According to a recent study over 1/3 of UK companies suffer from employee burnout. Recruitment firm Robert Half questioned over 200 UK HR directors, 30% of them revealed that employee burnout is a common problem within their organisation, that figure increased to 35% in the South East suggesting that companies in the capital put more pressure on their staff.
The results from the study suggested that the biggest factor in staff burnout was workload, 67% of directors said that work place absences were as a result of this. The results also revealed that the larger the company the worse the problem. 73% of public sector companies had employee absences that were attributed to ‘burnout’. The strain of budget cuts may have caused this issue as staff try and pick up the slack.
How to resolve the problem?
Phil Sheridan (director at Robert Half) says companies can help to resolve ‘burnout’ complaints by bringing in temporary staff to help employees with their heavy workloads. This type of workforce management could help take the pressure off the current staff.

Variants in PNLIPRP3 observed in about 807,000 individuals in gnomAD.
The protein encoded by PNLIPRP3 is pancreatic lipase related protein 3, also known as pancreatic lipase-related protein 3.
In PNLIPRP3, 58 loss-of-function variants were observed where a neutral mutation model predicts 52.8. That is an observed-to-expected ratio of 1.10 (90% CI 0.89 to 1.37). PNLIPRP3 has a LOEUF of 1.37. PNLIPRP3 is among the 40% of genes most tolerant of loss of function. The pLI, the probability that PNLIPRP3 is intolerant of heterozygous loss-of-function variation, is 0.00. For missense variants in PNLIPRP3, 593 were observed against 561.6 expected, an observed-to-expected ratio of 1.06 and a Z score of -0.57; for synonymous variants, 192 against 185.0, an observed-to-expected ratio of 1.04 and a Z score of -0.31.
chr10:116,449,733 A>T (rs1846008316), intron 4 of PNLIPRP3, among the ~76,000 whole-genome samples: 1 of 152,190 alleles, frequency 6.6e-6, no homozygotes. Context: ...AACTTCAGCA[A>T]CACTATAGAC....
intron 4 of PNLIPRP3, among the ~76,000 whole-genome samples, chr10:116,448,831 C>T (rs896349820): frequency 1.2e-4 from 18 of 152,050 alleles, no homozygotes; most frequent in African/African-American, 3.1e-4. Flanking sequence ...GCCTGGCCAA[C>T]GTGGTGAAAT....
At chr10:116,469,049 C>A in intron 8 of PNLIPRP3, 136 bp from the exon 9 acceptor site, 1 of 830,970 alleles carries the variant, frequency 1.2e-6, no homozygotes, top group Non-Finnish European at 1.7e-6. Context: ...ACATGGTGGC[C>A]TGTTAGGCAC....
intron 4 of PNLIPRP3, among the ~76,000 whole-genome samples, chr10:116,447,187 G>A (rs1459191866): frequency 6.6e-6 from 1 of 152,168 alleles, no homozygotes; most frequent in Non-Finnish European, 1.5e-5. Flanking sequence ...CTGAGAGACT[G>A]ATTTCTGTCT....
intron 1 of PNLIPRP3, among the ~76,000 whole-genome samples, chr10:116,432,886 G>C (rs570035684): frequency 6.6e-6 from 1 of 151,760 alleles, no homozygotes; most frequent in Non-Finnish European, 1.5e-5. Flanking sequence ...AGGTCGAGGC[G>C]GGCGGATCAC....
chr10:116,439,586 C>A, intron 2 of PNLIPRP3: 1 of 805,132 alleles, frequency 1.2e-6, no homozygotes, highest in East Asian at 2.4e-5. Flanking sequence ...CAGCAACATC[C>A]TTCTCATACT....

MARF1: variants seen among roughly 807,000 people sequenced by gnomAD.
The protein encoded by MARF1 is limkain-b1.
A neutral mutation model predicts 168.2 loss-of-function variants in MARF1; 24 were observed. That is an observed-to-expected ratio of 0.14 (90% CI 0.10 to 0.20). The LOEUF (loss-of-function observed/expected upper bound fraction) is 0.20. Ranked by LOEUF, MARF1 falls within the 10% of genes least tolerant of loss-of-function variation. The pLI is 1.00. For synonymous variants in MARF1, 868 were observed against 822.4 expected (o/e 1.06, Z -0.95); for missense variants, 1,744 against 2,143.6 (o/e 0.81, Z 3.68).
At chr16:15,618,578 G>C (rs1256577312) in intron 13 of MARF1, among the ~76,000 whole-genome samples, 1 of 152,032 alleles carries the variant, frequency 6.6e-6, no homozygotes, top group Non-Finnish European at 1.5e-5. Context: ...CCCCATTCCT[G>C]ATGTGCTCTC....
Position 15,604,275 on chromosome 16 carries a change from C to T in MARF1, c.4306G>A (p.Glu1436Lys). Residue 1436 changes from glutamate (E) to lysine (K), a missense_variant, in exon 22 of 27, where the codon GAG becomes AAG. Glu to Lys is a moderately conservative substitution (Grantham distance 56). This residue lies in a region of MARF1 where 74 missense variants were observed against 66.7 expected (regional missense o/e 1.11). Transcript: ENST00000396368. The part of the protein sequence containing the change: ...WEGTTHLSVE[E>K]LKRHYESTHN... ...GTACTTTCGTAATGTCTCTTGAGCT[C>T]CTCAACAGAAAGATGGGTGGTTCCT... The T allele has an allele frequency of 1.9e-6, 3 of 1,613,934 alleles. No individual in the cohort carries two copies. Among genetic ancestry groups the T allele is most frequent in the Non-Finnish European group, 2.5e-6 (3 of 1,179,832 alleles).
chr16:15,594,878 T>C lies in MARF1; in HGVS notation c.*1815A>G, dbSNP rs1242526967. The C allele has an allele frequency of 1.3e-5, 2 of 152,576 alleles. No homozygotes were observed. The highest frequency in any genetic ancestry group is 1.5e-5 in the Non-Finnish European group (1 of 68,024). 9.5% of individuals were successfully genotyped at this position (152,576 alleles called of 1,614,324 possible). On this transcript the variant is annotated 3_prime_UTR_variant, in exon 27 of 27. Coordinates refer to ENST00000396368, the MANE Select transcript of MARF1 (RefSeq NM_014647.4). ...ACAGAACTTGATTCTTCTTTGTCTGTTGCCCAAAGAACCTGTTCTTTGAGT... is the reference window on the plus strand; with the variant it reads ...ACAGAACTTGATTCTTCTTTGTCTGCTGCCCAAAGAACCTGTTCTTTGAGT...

Flexible working could be another way to take pressure off employees. Implementing flexible working could improve employees' moral and give them the opportunity to complete their work at more appropriate times, helping them with their work-life balance.
Time and attendance software can help companies keep track of their employees and analyse shift patterns, working hours and employee breaks. This would help pinpoint anyone who is at risk of suffering burnout and ultimately help reduce unexpected absences.